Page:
A copy of the above report must be sent to the attention of the Public Finance Division in the Office of the Attorney General and to the Texas State Comptroller’s Office. Additionally, cities are now required to submit certain information to the Comptroller’s office. In 2001, the Texas Legislature added section 311.019 to the Tax Code. This section requires the Comptroller to maintain a central registry of:
- reinvestment zones designated under Chapter 311 of the Tax Code;
- project plans and reinvestment zone financing plans adopted pursuant to the Tax Increment Financing Act (Chapter 311 of the Tax Code); and
- annual reports submitted under Section 311.016 of the Tax Code.
A city that designates a reinvestment zone or approves a project plan or reinvestment zone financing plan must deliver to the Comptroller’s office before April 1 of the year following the year the zone is designated or the plan is approved a report containing the following information:
- a general description of each reinvestment zone. This description must include the size of the zone; the types of property located in the zone; the duration of the zone; and the guidelines and criteria established for the zone under Section 311.005 of the Tax Code;
- a copy of each project plan or reinvestment zone financing plan adopted; and
- “any other information required by the comptroller” which helps in the administration of the central registry and tax refund for economic development (Texas Tax Code, Chapter 111, Subchapter F).
Further, a city that amends or modifies a project plan or reinvestment zone financing plan must deliver a copy of the amendment or modifications to the Comptroller before April 1 of the year following the year in which the plan was amended or modified. Additionally, any city that designated a tax increment financing reinvestment zone or approved a project plan or reinvestment zone financing plan before January 1, 2001, was to have delivered by April 1, 2002, to the Comptroller’s office a report containing the same information described above: a general description of each reinvestment zone; a copy of each project plan or reinvestment zone financing plan adopted; and any other information required by the Comptroller.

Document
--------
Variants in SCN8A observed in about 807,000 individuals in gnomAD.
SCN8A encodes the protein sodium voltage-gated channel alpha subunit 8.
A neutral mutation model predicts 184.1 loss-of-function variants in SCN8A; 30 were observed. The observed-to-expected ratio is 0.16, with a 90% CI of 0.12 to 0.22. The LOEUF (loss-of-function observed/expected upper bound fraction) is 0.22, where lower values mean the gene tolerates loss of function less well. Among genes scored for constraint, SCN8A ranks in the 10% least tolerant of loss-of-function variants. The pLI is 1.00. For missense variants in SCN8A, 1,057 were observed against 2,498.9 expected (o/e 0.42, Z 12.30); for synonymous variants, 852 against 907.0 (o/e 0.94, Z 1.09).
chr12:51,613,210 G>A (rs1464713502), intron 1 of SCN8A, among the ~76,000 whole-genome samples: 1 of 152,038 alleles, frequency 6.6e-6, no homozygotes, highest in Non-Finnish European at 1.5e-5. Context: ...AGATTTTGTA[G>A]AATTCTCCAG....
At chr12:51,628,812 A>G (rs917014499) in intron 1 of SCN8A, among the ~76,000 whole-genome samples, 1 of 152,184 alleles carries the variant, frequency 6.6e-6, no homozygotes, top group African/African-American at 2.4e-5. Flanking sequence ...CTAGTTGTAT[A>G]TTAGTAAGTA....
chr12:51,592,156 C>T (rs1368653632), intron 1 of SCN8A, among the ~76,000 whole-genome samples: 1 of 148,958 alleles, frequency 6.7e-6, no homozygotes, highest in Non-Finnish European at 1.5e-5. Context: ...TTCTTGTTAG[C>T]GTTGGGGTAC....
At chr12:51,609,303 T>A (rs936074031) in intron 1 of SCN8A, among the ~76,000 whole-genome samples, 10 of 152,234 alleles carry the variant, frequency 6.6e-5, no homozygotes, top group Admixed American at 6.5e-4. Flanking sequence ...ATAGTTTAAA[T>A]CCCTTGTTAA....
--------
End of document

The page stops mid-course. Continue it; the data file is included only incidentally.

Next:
For information an individual TIRZ; please contact Patricia Bailey, Property Tax Division, by e-mail at firstname.lastname@example.org, or by phone toll free at 1-800-252-9121, extension 3-4416, or direct in Austin at 512/463-4416.
Summary of Reported Data
The following data is a summary of each Tax Increment Reinvestment Zone (TIRZ) by county of annual reports sent to the Comptroller.
Note: The information in the summaries reflects our best interpretation of annual reports, project plans and financial plans provided by the cities. The summary contains only the information reported to us. Some cities may not have reported their TIRZ or reported all the information from the statute.
The files listed below are in PDF format. If you do not already have Adobe Acrobat Reader, you will need to download the latest version to view and print the files.Austin County
City of Sealy
City of Beeville
City of Temple
City of San Antonio
City of College Station
City of Plano
City of Dallas
City of Grand Prairie
City of Irving
City of Lewisville
City of Midlothian
Fort Bend County
City of Sugar Land
City of Galveston
City of League City
City of Sherman
City of Houston
City of Beaumont
City of Waco
City of Midland
City of Conroe
City of Corsicana
City of Lindale
City of Tyler
City of Glen Rose
City of Keller
City of Arlington
City of Fort Worth
City of Colleyville
City of Burleson
City of Southlake
City of Wichita Falls